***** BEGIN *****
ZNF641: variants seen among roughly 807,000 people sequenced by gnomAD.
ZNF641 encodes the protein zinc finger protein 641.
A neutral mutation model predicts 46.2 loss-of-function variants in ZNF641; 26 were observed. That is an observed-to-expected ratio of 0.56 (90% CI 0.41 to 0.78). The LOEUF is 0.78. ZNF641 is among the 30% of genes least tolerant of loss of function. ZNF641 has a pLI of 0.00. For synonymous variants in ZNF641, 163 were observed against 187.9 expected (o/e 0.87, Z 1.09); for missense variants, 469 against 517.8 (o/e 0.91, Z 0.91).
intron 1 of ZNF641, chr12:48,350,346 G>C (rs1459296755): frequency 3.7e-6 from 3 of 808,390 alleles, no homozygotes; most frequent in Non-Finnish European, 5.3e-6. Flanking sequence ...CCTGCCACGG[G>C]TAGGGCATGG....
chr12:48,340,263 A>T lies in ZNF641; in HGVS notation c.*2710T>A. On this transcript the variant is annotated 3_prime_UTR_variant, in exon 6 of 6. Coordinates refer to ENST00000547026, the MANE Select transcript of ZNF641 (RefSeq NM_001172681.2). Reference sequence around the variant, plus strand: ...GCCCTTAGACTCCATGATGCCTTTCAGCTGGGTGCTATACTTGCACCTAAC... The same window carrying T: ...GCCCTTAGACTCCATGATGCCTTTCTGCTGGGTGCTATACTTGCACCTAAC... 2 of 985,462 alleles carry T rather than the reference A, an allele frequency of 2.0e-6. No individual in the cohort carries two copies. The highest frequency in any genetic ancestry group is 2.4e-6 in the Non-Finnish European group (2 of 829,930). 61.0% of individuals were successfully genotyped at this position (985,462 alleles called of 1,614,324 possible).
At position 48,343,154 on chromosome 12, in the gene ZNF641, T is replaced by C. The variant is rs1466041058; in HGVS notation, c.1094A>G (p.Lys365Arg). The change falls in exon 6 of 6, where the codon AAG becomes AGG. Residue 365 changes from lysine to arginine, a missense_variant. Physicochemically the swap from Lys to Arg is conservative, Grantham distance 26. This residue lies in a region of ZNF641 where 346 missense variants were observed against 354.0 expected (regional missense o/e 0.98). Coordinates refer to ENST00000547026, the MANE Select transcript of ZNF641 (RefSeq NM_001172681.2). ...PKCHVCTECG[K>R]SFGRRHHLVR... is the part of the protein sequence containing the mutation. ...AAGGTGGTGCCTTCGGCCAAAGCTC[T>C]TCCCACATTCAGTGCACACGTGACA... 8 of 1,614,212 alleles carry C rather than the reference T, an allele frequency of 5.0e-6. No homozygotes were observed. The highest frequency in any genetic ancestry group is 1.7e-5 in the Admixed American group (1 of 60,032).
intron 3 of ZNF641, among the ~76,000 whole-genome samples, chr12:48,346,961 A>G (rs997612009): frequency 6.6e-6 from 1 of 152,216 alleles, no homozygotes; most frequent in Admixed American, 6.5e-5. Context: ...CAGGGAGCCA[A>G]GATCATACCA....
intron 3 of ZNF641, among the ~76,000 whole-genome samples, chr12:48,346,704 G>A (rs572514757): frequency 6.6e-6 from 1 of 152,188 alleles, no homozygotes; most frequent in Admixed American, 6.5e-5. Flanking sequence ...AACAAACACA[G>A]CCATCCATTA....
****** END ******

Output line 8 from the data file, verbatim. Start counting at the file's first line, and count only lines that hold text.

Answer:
intron 3 of ZNF641, among the ~76,000 whole-genome samples, chr12:48,346,704 G>A (rs572514757): frequency 6.6e-6 from 1 of 152,188 alleles, no homozygotes; most frequent in Admixed American, 6.5e-5. Flanking sequence ...AACAAACACA[G>A]CCATCCATTA....